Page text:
Alternatively, they might just be a refugee from FORTRAN, the language which predates the invention of capital letters :)
Larry Wall has told me that the fact that he had two acronyms that he liked for it was one of the reasons that he chose the name Perl.
this is entirely incorrect. They've been running with a plethora of different languages for a while now: Scala in particular, but theres a lot of work in C for HFT stuff.
p.s. He is also a former Google Engineer who was part of the small team that built GOOGLE NEWS. http://dealupa.com/about
Or some people just don't fucking care about "standard spellings" and prefer their own.
If you look at a old JAVA/Java logo it actually is stylised as JAVA.
In fact my first JAVA textbook stylised it in all caps also so ever since I just copied that.
Ps. I dont actually give a shit about JAVA or what anyone thinks it says about my skills because of the way I write it
That's what "dead" in casual discussion means though.
Because in the stricter sense that "someone, somewhere is using it", even SNOBOL is not dead.
Are you suggesting that when Mats created Ruby, he was thinking to himself, "I can't wait for the all the first graders to grow up and use my language?"
I rather think that the creators of computer languages think in terms of present, rather than future computer programmers, and not in terms of "My language will make all the Beliebers want to become software engineers."
The first question the rest of the board asked me was "Well, are we going to have trouble hiring?" To which, I truthfully replied "No." The interesting part about non-popular languages, is that you're going to have fewer unqualified candidates. (And yes, in my local market, there are still a lot of perl programmers, maybe not as many as Ruby programmers, but the average perl programmer I come into contact with has more years of experience than the average Ruby programmer I come into contact with.)
I think the argument "we can't hire people that know X" is nearly always the wrong one. Several years ago, when we looked to re-build core services for a product (replacing perl with Erlang, natch!) - we couldn't hire a person that knew Erlang to save our lives. So, we hired good developers in other languages and trained them. If you've got the right technology and the the right tools, you can always find the right people.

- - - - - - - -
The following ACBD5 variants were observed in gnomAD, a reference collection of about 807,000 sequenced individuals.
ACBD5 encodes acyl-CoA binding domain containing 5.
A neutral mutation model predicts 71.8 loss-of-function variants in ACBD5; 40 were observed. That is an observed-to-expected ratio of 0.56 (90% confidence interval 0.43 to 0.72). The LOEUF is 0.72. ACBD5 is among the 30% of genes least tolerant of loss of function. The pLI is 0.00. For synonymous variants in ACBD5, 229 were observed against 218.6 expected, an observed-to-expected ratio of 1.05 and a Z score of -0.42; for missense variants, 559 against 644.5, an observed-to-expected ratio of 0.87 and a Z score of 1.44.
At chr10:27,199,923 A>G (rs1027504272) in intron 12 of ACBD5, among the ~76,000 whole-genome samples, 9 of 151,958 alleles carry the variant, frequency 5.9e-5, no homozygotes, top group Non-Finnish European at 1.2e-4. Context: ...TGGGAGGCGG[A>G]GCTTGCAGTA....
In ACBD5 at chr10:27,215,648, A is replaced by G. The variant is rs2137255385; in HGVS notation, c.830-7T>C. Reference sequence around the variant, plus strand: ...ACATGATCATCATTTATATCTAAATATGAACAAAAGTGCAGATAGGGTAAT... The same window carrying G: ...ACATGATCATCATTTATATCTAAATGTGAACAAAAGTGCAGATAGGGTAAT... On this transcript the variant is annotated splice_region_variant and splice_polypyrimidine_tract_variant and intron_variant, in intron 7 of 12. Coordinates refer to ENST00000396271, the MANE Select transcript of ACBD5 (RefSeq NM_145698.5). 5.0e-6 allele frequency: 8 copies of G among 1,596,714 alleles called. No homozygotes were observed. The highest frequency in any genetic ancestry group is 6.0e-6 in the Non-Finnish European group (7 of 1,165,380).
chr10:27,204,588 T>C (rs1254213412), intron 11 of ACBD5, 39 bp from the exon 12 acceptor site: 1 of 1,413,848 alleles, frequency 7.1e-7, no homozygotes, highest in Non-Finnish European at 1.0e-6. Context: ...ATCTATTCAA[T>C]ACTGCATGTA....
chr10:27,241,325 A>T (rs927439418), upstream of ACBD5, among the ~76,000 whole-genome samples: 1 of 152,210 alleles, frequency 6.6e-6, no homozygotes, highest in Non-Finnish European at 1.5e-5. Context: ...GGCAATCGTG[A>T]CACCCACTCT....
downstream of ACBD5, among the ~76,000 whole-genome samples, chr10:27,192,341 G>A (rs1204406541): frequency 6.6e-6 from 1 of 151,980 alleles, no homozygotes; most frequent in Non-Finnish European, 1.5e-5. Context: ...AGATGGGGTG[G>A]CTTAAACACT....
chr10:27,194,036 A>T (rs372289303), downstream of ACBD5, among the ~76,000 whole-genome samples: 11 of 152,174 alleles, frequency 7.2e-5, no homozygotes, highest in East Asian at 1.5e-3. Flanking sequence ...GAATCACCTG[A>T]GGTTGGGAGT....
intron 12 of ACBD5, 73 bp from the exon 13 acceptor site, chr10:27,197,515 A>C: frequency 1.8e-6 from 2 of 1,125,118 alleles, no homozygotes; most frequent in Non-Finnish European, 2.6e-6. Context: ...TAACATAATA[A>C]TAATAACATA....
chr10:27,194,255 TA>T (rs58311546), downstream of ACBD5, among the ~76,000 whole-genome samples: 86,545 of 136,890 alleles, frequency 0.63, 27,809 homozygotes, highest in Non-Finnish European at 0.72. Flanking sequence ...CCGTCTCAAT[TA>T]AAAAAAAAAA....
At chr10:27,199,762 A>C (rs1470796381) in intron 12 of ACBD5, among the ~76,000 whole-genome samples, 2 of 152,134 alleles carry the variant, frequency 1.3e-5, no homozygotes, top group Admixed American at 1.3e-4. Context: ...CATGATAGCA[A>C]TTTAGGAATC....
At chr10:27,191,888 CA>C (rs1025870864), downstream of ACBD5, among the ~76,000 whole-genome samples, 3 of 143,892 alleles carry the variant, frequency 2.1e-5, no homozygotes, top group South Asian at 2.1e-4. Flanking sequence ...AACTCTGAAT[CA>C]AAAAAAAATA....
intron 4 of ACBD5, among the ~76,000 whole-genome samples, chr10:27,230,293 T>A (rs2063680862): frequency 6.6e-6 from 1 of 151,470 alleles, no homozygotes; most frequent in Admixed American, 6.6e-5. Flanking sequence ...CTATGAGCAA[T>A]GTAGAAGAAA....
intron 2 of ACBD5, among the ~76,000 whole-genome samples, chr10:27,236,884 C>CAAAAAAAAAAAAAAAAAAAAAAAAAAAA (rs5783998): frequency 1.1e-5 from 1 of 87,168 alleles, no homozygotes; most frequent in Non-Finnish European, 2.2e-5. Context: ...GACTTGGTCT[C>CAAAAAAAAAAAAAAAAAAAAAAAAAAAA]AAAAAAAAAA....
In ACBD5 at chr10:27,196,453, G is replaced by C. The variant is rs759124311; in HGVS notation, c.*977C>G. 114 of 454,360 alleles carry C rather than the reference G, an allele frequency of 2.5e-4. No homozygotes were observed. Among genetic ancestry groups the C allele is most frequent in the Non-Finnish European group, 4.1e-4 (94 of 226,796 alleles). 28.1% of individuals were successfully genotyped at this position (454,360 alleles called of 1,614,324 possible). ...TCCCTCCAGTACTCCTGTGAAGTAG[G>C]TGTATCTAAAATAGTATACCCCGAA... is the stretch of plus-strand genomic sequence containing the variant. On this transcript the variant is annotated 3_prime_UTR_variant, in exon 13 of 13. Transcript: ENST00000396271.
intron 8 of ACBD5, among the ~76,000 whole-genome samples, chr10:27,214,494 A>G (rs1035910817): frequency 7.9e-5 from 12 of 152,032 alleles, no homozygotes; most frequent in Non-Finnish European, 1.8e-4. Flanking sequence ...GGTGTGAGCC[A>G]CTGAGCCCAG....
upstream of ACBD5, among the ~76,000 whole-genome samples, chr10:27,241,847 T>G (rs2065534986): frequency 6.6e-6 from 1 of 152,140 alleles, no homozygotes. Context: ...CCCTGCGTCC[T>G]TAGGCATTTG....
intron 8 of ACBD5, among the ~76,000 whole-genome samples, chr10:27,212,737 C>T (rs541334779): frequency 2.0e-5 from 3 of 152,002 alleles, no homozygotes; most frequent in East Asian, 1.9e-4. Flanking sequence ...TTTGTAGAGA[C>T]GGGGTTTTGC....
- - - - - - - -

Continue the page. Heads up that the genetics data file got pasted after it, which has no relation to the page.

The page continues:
Curiously, anyone who's been involved in the Perl community for any length of time will see "PERL" there and dismiss the poster out-of-hand. The decade-or-two old catchphrase goes something like:
"Perl" is the name of the language.
"perl" is the implementation/interpreter.
There's no such thing as "PERL".
People who type LUA insta-brand themselves as outsiders.
One thing to know is that Manwin (youporn, pornhub, etc parent company) is located in Montreal.
For a reason I can't really explain, you mostly find PHP and C# developers here, so most Montreal startups are PHP based.
I also interviewed a couple Manwin alumnis, and they told me that they were a couple hundred developers and that there is a huge turnover (you often see a 6 month / 1 year experience at Manwin when you read a PHP dev resume).
So it's easy to understand that they prefer to use the local dominant language, it do not mean that Perl is globally dying, just that they have specific constraints. And to be fair Perl is not the only small community in MTL, Ruby and Python also have a strangely small community here.
Same here in Vancouver; I always figured the C# part was just our proximity to Redmond (and then PHP because it's the only language that doesn't impinge upon C#'s niche) but I guess it's more of a Canada-wide thing. Weird.
tl;dr Perl devs seem to be in short supply country wide, along with jobs that would need their skillset.
They've been optimizing the heck out of it, and as much as my kneejerk reaction to their infrastructure is "a collage of rubberbands and paperclips waiting to break in unexpected and unpredictable ways", I've gotta hand it to them for not giving in to the temptation to prematurely optimize. Clearly it's been working really well for them, and so I guess it's worth not "fixing" it until it starts breaking.
high-traffic websites that use Perl extensively include Amazon.com, bbc.co.uk, Priceline.com, Craigslist, IMDb, LiveJournal, Slashdot and Ticketmaster.
I think the YP people weren't just going for some senior developers, they wanted a huge pool, probably with easy enough replacement if someone is going. Considering that not everyone wants to have a porn site on their CV, or might want to quit once they start a family and would have to explain where daddy/mommy works, that seems like a good idea anyway. So you need the largest pool possible, which generally boils down to either PHP or Java, with the latter being a bit more expensive.